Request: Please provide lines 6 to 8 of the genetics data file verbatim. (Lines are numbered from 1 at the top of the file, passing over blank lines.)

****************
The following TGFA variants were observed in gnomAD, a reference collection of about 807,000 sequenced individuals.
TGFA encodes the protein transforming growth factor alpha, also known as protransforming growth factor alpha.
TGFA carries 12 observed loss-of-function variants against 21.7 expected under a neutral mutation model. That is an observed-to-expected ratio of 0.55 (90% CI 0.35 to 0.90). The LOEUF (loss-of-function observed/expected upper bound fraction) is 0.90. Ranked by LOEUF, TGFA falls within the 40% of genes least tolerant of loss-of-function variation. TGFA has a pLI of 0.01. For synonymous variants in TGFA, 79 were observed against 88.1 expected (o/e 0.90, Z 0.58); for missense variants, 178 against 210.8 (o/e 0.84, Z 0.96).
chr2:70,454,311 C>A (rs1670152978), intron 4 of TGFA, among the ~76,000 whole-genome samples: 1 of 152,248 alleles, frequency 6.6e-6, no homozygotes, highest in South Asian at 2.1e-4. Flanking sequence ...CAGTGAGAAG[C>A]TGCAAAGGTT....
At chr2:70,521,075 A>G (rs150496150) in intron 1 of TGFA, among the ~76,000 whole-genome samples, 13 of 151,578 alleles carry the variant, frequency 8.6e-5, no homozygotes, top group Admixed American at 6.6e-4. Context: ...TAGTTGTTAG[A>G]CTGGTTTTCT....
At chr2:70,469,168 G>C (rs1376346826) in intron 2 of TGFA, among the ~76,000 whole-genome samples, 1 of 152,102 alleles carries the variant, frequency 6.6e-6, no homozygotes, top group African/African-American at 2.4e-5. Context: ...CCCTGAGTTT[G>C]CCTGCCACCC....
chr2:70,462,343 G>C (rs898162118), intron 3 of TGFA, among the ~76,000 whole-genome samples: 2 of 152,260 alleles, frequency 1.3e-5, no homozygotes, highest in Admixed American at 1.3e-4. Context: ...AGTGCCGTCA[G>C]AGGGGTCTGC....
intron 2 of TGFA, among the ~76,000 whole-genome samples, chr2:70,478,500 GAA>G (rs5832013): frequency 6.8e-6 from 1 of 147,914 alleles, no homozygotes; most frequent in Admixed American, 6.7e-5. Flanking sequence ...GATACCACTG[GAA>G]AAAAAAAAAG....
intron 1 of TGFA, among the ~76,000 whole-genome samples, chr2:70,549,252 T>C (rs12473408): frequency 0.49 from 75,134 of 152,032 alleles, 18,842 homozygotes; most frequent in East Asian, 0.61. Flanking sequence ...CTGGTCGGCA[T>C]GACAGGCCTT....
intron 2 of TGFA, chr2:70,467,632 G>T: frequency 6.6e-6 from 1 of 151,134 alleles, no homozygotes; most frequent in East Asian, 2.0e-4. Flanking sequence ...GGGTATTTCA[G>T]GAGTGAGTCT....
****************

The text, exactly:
At chr2:70,469,168 G>C (rs1376346826) in intron 2 of TGFA, among the ~76,000 whole-genome samples, 1 of 152,102 alleles carries the variant, frequency 6.6e-6, no homozygotes, top group African/African-American at 2.4e-5. Context: ...CCCTGAGTTT[G>C]CCTGCCACCC....
chr2:70,462,343 G>C (rs898162118), intron 3 of TGFA, among the ~76,000 whole-genome samples: 2 of 152,260 alleles, frequency 1.3e-5, no homozygotes, highest in Admixed American at 1.3e-4. Context: ...AGTGCCGTCA[G>C]AGGGGTCTGC....
intron 2 of TGFA, among the ~76,000 whole-genome samples, chr2:70,478,500 GAA>G (rs5832013): frequency 6.8e-6 from 1 of 147,914 alleles, no homozygotes; most frequent in Admixed American, 6.7e-5. Flanking sequence ...GATACCACTG[GAA>G]AAAAAAAAAG....